Most people watch some form of sports, whether it be the Olympics or the highlights on ESPN. The NBA and NHL playoffs are underway and theyit seems to be the only news on ESPN. There is almost no coverage of the WNBA playoffs or any female athletics. Tennis isone of the only big sports on ESPN for women. While during the Olympics the coverage seems to be non-stop and close to equal. Women’s participation in sport is at an all-time high and has almost become equal with men’s, however,. sSports media does notfails to show this equality and skews the way we look at these athletes. Through the disciplines of sociology and gender studies, it can be seen that despite the many gains of women in sports since the enactment of Title IX, “traditional” notions of masculinity and femininity still dominate media coverage of males and females in sports, which is observed in Olympic programming and sports news broadcasts.
Sociology is a growing discipline and is an important factor to the understanding of different parts of society. Sociology is “a social science that studies human societies, their interactions, and the processes that preserve and change them” (Faris and Form P1). Basically, sociology is the study of different groups and their human interactions compared to the society as a whole. One part of society that sociologists have studied is the media coverage of sports. These sociologists have studied how race, gender, gender identity, and stereotypes affect what and how sport is covered in the media. Overall, sociologists critically examine parts of the society and make conclusions about those parts of society that they have studied. Sociologists have created many studies about the way the media cover gender identity in sports.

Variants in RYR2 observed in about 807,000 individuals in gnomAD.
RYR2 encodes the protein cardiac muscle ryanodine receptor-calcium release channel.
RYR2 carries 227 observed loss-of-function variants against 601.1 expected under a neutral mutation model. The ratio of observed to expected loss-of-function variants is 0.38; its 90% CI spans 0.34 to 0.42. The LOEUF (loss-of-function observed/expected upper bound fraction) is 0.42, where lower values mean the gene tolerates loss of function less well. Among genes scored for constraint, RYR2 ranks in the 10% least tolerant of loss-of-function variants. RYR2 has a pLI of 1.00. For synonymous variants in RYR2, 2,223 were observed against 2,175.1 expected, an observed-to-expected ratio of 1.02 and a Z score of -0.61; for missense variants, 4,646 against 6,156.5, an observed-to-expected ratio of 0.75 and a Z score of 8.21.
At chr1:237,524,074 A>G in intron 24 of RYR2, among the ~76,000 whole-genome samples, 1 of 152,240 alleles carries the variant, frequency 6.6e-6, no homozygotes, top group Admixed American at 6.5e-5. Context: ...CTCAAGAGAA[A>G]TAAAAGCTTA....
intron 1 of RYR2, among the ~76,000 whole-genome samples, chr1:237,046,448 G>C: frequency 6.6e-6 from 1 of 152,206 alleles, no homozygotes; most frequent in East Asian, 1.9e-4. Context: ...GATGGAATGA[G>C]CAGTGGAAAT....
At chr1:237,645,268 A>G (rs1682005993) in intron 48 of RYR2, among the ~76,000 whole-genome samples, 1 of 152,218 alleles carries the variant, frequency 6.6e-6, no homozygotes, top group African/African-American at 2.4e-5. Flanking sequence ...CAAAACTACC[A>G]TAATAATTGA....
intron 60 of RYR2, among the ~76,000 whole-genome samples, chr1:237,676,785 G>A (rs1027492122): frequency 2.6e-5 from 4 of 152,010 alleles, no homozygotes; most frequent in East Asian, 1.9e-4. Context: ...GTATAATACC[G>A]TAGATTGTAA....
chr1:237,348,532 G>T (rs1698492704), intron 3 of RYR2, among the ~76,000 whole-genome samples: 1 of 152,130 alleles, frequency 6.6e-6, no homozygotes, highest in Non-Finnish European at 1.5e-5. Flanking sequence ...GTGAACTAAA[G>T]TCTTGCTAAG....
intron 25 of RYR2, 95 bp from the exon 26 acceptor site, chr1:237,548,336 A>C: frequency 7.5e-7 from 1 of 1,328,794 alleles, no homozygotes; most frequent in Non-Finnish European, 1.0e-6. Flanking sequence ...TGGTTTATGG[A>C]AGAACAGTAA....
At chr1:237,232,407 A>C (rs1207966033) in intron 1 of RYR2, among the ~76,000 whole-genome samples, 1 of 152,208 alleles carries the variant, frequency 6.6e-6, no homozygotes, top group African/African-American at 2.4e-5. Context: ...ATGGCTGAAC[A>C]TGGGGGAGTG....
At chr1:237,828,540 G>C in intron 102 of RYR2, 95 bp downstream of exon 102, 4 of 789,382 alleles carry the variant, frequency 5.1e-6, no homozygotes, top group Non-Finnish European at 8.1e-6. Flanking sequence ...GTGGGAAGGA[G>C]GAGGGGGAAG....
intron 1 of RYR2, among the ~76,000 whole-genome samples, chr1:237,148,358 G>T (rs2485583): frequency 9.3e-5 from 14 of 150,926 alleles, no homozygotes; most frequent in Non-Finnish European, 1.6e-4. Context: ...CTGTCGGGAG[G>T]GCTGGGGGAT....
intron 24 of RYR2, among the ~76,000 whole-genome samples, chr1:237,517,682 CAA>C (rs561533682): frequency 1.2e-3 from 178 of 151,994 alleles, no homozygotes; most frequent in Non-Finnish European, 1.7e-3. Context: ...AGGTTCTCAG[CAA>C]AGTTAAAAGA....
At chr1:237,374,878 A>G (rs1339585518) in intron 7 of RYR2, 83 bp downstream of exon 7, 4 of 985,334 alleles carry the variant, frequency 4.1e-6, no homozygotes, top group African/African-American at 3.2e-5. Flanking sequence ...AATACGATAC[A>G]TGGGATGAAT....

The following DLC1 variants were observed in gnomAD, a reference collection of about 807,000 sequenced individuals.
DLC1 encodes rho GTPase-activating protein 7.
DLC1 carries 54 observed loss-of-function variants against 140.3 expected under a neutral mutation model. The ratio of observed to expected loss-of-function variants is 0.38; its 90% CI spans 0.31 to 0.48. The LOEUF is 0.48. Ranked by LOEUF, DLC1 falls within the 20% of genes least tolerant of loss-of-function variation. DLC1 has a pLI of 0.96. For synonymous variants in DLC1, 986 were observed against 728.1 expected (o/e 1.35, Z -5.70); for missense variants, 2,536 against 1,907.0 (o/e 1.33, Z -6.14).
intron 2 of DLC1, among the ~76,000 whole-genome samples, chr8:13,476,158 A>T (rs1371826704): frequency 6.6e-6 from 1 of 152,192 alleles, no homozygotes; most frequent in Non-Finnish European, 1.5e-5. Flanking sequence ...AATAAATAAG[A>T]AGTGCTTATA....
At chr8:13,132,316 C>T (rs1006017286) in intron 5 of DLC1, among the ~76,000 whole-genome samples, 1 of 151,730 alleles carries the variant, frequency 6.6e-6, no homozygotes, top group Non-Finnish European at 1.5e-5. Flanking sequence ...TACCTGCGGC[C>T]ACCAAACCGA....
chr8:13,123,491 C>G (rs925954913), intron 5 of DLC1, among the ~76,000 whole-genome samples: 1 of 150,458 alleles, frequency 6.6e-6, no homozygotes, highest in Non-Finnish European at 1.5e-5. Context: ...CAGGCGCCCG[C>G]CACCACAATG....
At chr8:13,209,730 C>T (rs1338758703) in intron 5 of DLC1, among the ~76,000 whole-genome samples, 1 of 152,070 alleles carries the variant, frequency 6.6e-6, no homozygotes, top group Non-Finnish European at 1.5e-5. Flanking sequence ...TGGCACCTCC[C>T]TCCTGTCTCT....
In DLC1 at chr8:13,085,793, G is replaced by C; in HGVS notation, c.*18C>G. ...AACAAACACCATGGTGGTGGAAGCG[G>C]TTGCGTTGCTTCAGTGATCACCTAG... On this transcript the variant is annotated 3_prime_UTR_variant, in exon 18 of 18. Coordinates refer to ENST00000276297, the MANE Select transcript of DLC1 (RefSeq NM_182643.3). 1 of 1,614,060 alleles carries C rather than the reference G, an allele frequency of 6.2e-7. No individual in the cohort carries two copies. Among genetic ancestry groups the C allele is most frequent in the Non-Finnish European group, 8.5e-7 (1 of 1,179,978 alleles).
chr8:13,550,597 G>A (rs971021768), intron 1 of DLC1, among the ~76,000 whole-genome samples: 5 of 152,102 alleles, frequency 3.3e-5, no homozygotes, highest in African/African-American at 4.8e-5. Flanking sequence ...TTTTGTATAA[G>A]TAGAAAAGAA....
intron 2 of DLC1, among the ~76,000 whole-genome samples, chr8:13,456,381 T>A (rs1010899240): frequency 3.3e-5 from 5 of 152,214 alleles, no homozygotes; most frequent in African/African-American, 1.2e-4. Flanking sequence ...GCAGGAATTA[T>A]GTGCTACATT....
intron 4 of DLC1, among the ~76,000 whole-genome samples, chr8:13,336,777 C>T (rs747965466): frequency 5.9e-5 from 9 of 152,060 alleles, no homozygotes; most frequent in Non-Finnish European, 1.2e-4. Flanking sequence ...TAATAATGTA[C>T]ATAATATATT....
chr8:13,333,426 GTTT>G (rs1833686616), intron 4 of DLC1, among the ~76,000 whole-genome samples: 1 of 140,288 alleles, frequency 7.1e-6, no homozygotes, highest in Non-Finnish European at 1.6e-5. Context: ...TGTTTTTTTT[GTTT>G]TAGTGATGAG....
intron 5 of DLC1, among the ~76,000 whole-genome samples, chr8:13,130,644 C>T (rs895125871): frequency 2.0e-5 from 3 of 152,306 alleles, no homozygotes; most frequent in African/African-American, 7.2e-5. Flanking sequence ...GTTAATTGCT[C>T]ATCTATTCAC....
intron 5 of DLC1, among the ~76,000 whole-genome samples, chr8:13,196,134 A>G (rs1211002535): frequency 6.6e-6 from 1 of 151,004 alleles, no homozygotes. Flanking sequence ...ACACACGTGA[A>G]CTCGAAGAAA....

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Faris, Robert E.L., and William Form. "Sociology." Britannica. Encyclopedia Britannica, n.d. Web. 6 Mar. 2014.
"Gender Studies and Social Analysis." Discipline of Gender, Work & Social Inquiry. N.p., 15 May 2001. Web. 12 Apr. 2014.
High School and Collegiate Sports Participation. Digital image. Thesocietypages.org. N.p., n.d. Web. 28 Apr. 2014.
Stets, Jan E., and Peter J. Burke. "Femininity/Masculinity." Encyclopedia of Sociology. New York: Macmillan, n.d. 1-21. Web. 8 Apr. 2014.
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